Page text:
Gospel Reflection: Thirteenth Sunday in Ordinary Time

Reading 1

Wis 1:13-15; 2:23-24

God did not make death,
nor does he rejoice in the destruction of the living.
For he fashioned all things that they might have being;
and the creatures of the world are wholesome,
and there is not a destructive drug among them
nor any domain of the netherworld on earth,
for justice is undying.
For God formed man to be imperishable;
the image of his own nature he made him.
But by the envy of the devil, death entered the world,
and they who belong to his company experience it.


Mk 5:21-43 or 5:21-24, 35b-43

When Jesus had crossed again in the boat
to the other side,
a large crowd gathered around him, and he stayed close to the sea.
One of the synagogue officials, named Jairus, came forward.
Seeing him he fell at his feet and pleaded earnestly with him, saying,
"My daughter is at the point of death.
Please, come lay your hands on her
that she may get well and live."
He went off with him,
and a large crowd followed him and pressed upon him.

There was a woman afflicted with hemorrhages for twelve years.
She had suffered greatly at the hands of many doctors
and had spent all that she had.
Yet she was not helped but only grew worse.
She had heard about Jesus and came up behind him in the crowd
and touched his cloak.
She said, "If I but touch his clothes, I shall be cured."
Immediately her flow of blood dried up.
She felt in her body that she was healed of her affliction.
Jesus, aware at once that power had gone out from him,
turned around in the crowd and asked, "Who has touched my clothes?"
But his disciples said to Jesus,
"You see how the crowd is pressing upon you,
and yet you ask, 'Who touched me?'"
And he looked around to see who had done it.
The woman, realizing what had happened to her,
approached in fear and trembling.
She fell down before Jesus and told him the whole truth.
He said to her, "Daughter, your faith has saved you.
Go in peace and be cured of your affliction."

While he was still speaking,
people from the synagogue official's house arrived and said,
"Your daughter has died; why trouble the teacher any longer?"
Disregarding the message that was reported,
Jesus said to the synagogue official,
"Do not be afraid; just have faith."
He did not allow anyone to accompany him inside
except Peter, James, and John, the brother of James.
When they arrived at the house of the synagogue official,
he caught sight of a commotion,
people weeping and wailing loudly.
So he went in and said to them,
"Why this commotion and weeping?
The child is not dead but asleep."
And they ridiculed him.
Then he put them all out.
He took along the child's father and mother
and those who were with him
and entered the room where the child was.
He took the child by the hand and said to her, "Talitha koum,"
which means, "Little girl, I say to you, arise!"
The girl, a child of twelve, arose immediately and walked around.
At that they were utterly astounded.
He gave strict orders that no one should know this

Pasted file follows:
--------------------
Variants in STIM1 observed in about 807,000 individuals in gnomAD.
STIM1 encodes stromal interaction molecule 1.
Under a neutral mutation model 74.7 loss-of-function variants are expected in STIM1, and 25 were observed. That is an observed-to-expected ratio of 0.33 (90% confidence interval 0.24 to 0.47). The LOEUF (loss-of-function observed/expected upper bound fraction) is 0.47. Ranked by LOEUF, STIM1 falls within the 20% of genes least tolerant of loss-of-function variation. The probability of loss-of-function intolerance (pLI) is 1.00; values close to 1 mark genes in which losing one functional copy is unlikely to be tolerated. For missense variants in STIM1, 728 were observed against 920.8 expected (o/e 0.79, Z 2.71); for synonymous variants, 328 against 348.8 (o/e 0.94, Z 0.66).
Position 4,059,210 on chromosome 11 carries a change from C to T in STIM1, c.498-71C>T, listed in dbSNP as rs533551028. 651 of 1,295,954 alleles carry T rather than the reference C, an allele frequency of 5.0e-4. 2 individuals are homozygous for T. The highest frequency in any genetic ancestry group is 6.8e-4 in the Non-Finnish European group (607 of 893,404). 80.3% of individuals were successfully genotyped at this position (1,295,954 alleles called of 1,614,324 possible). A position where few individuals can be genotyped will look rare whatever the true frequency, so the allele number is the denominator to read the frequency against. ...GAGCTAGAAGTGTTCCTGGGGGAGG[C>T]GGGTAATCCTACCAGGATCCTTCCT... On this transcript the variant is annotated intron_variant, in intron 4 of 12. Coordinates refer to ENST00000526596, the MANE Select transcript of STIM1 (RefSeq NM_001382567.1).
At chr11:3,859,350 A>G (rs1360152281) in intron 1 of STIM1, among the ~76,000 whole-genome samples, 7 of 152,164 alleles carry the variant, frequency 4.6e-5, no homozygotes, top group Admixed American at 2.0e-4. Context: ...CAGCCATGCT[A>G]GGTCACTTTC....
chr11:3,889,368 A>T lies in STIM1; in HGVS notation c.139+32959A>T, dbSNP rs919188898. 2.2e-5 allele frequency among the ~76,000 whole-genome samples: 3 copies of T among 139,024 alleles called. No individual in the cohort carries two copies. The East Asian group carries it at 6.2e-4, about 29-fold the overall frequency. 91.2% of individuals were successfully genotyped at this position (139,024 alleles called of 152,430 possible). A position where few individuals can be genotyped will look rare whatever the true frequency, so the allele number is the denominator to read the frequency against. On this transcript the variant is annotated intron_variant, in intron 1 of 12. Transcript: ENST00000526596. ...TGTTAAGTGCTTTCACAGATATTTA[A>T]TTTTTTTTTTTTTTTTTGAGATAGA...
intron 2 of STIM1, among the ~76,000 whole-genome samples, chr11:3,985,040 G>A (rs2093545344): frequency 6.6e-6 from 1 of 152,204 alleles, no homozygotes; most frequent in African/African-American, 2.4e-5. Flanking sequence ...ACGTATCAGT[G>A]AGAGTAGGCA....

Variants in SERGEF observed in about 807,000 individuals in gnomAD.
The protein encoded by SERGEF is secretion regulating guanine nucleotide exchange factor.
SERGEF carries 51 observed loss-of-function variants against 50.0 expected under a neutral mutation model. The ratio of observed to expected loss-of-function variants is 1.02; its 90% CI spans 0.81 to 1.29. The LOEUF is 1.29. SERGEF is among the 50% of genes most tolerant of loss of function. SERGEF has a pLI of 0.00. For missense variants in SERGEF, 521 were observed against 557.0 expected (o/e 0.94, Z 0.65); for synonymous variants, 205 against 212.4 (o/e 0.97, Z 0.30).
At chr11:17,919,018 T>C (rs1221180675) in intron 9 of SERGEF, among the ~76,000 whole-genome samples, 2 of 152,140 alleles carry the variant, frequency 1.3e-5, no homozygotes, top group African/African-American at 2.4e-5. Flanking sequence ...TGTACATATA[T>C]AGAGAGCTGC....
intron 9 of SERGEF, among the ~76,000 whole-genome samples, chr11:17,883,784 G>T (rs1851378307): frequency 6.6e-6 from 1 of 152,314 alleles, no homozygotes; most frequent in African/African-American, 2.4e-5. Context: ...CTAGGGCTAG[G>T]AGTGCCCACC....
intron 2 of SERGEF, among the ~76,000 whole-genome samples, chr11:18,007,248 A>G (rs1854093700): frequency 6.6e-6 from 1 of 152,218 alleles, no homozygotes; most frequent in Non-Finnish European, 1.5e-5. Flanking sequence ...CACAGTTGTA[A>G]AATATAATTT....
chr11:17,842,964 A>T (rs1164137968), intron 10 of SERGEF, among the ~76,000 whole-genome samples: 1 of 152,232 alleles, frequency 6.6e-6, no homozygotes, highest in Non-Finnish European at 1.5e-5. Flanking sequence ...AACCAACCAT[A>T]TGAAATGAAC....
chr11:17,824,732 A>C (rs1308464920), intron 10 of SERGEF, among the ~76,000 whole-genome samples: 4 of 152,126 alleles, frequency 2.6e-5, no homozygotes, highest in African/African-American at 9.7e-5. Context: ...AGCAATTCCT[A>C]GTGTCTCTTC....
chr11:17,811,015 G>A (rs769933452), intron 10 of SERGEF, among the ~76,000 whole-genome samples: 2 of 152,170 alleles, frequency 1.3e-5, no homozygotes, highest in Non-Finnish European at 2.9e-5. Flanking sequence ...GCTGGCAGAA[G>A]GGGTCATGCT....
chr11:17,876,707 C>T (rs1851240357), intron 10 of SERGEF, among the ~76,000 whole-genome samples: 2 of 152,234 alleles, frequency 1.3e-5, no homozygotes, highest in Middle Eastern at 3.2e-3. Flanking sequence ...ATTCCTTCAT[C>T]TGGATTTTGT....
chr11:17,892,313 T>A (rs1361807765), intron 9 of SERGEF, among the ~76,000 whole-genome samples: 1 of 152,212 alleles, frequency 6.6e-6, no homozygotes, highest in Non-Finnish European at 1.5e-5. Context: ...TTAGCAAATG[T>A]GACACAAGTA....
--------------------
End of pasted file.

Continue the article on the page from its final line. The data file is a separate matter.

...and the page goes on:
and said that she should be given something to eat.


The Book of Wisdom so beautifully tells us that God “fashioned all things that they might have being; and the creatures of the world are wholesome…” God created all things, including the human person, to be good and whole. When sin and death entered the world, brokenness, sickness, and pain became part of our experience. In answer to our need, the Father sent His Son to save us from destruction and lead us to what would make mankind whole again.

The Gospel, which recounts Our Lord healing a woman’s chronic infirmity and bringing life to the young daughter of Jairus, shows us the power given to Him to bring about true restoration. For both the afflicted woman and Jairus, Our Lord praises their faith in His power to do such great things.

There are times in life when we desperately wish that God would perform a miracle to take away our pain or suffering, something extraordinary like the healings described in our Gospel. Without doubt, God still does work miracles like these, if He sees them necessary for our growth in holiness and our salvation. We can see countless examples of the intercession of His Saints for such miraculous healings.

However, God’s healing work is often subtle and ordinary. It can even appear slow from our perspective, seeming not to be a miracle at all. Many times, the response God gives to our fervent prayers is newfound strength to bear difficulties, clarity amidst the confusion that may emerge, or peace that our hearts need in the midst of a real storm. These are not a “consolation prize” in place of receiving God’s favor. Instead, these are true expressions of the healing touch and gentle mercy of Our Lord, real answers to the prayers of faith we present to Him.

The Sunday Readings in recent weeks have invited us to place our confidence and faith in the Divine Will of God, Who always promises to be with us and to guide us through life. Strengthened by the healing power of the Sacraments, especially the Holy Eucharist, we pray for the grace to surrender everything to His loving hands, especially our crosses and sufferings. He, the Divine Physician, will give us the healing our hearts truly need.

Please be assured of my prayers for you before Our Lord, present in the Most Blessed Sacrament.

+ Bishop Schlert


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